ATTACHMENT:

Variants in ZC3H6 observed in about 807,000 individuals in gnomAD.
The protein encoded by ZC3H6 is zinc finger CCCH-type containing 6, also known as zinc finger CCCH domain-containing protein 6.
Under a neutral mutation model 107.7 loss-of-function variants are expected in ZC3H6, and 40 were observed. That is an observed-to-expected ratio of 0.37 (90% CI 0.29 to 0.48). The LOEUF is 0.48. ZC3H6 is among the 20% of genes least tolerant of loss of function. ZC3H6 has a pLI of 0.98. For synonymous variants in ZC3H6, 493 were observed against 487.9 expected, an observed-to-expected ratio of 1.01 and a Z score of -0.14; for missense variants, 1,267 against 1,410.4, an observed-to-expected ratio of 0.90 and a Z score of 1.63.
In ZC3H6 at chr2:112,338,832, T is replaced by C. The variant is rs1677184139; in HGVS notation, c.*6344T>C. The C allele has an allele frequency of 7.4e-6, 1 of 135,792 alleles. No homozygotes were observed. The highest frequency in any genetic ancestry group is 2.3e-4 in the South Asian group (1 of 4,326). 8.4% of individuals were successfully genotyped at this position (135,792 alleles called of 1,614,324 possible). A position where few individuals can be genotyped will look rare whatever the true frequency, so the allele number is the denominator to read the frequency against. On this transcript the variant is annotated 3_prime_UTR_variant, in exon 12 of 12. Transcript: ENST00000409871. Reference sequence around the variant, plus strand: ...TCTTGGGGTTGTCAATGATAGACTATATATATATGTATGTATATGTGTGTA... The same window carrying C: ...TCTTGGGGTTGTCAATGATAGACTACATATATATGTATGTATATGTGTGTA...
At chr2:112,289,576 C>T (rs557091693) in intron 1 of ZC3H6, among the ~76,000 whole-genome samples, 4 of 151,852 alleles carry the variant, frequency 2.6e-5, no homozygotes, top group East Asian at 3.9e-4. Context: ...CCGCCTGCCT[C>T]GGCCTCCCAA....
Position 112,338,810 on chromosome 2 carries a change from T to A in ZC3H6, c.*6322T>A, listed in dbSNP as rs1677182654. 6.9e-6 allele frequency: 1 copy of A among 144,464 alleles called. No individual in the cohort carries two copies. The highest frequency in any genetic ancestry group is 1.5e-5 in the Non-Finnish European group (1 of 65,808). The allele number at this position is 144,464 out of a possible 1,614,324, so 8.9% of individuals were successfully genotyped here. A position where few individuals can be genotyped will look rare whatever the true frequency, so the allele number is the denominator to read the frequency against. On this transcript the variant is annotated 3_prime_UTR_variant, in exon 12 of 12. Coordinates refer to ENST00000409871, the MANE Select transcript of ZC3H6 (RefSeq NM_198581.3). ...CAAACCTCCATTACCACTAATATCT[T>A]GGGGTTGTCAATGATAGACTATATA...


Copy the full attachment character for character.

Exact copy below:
Variants in ZC3H6 observed in about 807,000 individuals in gnomAD.
The protein encoded by ZC3H6 is zinc finger CCCH-type containing 6, also known as zinc finger CCCH domain-containing protein 6.
Under a neutral mutation model 107.7 loss-of-function variants are expected in ZC3H6, and 40 were observed. That is an observed-to-expected ratio of 0.37 (90% CI 0.29 to 0.48). The LOEUF is 0.48. ZC3H6 is among the 20% of genes least tolerant of loss of function. ZC3H6 has a pLI of 0.98. For synonymous variants in ZC3H6, 493 were observed against 487.9 expected, an observed-to-expected ratio of 1.01 and a Z score of -0.14; for missense variants, 1,267 against 1,410.4, an observed-to-expected ratio of 0.90 and a Z score of 1.63.
In ZC3H6 at chr2:112,338,832, T is replaced by C. The variant is rs1677184139; in HGVS notation, c.*6344T>C. The C allele has an allele frequency of 7.4e-6, 1 of 135,792 alleles. No homozygotes were observed. The highest frequency in any genetic ancestry group is 2.3e-4 in the South Asian group (1 of 4,326). 8.4% of individuals were successfully genotyped at this position (135,792 alleles called of 1,614,324 possible). A position where few individuals can be genotyped will look rare whatever the true frequency, so the allele number is the denominator to read the frequency against. On this transcript the variant is annotated 3_prime_UTR_variant, in exon 12 of 12. Transcript: ENST00000409871. Reference sequence around the variant, plus strand: ...TCTTGGGGTTGTCAATGATAGACTATATATATATGTATGTATATGTGTGTA... The same window carrying C: ...TCTTGGGGTTGTCAATGATAGACTACATATATATGTATGTATATGTGTGTA...
At chr2:112,289,576 C>T (rs557091693) in intron 1 of ZC3H6, among the ~76,000 whole-genome samples, 4 of 151,852 alleles carry the variant, frequency 2.6e-5, no homozygotes, top group East Asian at 3.9e-4. Context: ...CCGCCTGCCT[C>T]GGCCTCCCAA....
Position 112,338,810 on chromosome 2 carries a change from T to A in ZC3H6, c.*6322T>A, listed in dbSNP as rs1677182654. 6.9e-6 allele frequency: 1 copy of A among 144,464 alleles called. No individual in the cohort carries two copies. The highest frequency in any genetic ancestry group is 1.5e-5 in the Non-Finnish European group (1 of 65,808). The allele number at this position is 144,464 out of a possible 1,614,324, so 8.9% of individuals were successfully genotyped here. A position where few individuals can be genotyped will look rare whatever the true frequency, so the allele number is the denominator to read the frequency against. On this transcript the variant is annotated 3_prime_UTR_variant, in exon 12 of 12. Coordinates refer to ENST00000409871, the MANE Select transcript of ZC3H6 (RefSeq NM_198581.3). ...CAAACCTCCATTACCACTAATATCT[T>A]GGGGTTGTCAATGATAGACTATATA...